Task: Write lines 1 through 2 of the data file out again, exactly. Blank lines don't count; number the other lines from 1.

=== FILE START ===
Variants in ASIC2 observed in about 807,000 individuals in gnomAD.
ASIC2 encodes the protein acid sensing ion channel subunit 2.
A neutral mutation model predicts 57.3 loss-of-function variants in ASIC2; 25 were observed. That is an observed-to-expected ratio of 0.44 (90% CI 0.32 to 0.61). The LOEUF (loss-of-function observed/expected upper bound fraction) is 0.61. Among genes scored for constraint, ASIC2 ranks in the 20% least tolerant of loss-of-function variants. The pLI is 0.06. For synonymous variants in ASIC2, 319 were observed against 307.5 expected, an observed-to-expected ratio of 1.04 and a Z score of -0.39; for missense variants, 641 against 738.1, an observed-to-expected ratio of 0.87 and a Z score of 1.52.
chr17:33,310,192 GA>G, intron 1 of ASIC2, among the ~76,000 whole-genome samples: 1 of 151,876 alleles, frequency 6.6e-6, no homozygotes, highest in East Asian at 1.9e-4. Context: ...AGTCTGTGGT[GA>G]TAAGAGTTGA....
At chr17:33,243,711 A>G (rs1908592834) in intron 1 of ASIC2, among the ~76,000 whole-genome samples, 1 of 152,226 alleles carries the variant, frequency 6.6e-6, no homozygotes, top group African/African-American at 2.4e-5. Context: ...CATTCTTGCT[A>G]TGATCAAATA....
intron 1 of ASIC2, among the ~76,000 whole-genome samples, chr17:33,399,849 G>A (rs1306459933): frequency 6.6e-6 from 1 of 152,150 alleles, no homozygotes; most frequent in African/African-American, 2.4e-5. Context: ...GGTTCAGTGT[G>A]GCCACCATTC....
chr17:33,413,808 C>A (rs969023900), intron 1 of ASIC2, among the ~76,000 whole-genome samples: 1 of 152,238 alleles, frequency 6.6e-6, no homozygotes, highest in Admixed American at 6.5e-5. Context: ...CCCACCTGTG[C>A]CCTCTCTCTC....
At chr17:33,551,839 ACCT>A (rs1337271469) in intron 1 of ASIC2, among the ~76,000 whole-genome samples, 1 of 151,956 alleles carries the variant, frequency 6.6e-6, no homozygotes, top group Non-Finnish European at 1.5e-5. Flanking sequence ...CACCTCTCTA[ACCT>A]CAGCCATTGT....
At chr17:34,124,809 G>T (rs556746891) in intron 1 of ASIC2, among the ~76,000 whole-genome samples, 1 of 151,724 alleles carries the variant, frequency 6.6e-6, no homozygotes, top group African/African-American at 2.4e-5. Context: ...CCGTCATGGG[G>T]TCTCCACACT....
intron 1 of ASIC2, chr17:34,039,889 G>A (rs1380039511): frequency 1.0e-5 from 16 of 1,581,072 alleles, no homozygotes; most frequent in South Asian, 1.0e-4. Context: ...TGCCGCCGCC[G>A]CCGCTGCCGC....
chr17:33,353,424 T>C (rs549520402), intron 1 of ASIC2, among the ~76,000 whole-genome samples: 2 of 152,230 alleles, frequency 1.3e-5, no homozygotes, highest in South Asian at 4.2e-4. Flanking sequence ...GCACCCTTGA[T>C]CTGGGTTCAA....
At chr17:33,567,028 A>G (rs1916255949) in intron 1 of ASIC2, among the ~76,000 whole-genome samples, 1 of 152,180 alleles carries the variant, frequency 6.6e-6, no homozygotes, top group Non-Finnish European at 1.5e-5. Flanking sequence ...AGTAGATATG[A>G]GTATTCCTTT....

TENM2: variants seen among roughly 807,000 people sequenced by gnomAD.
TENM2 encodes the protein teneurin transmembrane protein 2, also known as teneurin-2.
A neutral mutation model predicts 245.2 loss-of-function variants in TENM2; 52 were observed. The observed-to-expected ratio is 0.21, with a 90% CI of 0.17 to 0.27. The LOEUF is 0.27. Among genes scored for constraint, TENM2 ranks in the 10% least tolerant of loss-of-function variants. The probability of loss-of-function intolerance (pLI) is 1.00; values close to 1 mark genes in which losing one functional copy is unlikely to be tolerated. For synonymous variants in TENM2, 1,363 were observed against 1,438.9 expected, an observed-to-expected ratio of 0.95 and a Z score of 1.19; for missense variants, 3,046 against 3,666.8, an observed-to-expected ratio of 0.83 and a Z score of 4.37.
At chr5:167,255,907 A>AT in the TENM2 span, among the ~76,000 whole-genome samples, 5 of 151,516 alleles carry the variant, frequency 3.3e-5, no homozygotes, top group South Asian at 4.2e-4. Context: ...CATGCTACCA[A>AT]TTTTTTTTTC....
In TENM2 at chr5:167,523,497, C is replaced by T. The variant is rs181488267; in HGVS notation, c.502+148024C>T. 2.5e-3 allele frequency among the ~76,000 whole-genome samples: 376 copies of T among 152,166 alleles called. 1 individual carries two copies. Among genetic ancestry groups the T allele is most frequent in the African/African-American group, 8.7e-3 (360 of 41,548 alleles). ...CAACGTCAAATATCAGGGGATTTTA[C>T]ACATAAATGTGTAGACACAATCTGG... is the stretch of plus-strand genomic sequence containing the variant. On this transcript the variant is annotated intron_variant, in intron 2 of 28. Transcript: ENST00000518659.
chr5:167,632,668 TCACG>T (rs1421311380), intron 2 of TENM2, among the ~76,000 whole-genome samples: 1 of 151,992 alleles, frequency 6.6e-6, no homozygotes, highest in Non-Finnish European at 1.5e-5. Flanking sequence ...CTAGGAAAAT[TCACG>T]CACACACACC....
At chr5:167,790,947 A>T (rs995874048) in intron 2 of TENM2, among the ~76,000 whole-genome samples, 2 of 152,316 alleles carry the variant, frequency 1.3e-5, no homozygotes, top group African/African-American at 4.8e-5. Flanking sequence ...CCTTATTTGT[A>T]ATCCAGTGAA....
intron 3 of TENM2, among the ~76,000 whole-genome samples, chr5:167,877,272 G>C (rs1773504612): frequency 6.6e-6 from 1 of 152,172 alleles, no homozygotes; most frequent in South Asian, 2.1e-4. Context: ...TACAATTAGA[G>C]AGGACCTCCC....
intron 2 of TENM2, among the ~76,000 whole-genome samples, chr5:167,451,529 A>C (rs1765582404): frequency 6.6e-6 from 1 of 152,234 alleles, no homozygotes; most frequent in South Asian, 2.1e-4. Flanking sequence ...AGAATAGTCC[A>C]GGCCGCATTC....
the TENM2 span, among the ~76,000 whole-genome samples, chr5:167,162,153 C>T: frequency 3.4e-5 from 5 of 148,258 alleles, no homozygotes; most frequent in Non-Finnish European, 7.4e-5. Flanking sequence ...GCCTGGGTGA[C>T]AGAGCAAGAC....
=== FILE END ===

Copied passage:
Variants in ASIC2 observed in about 807,000 individuals in gnomAD.
ASIC2 encodes the protein acid sensing ion channel subunit 2.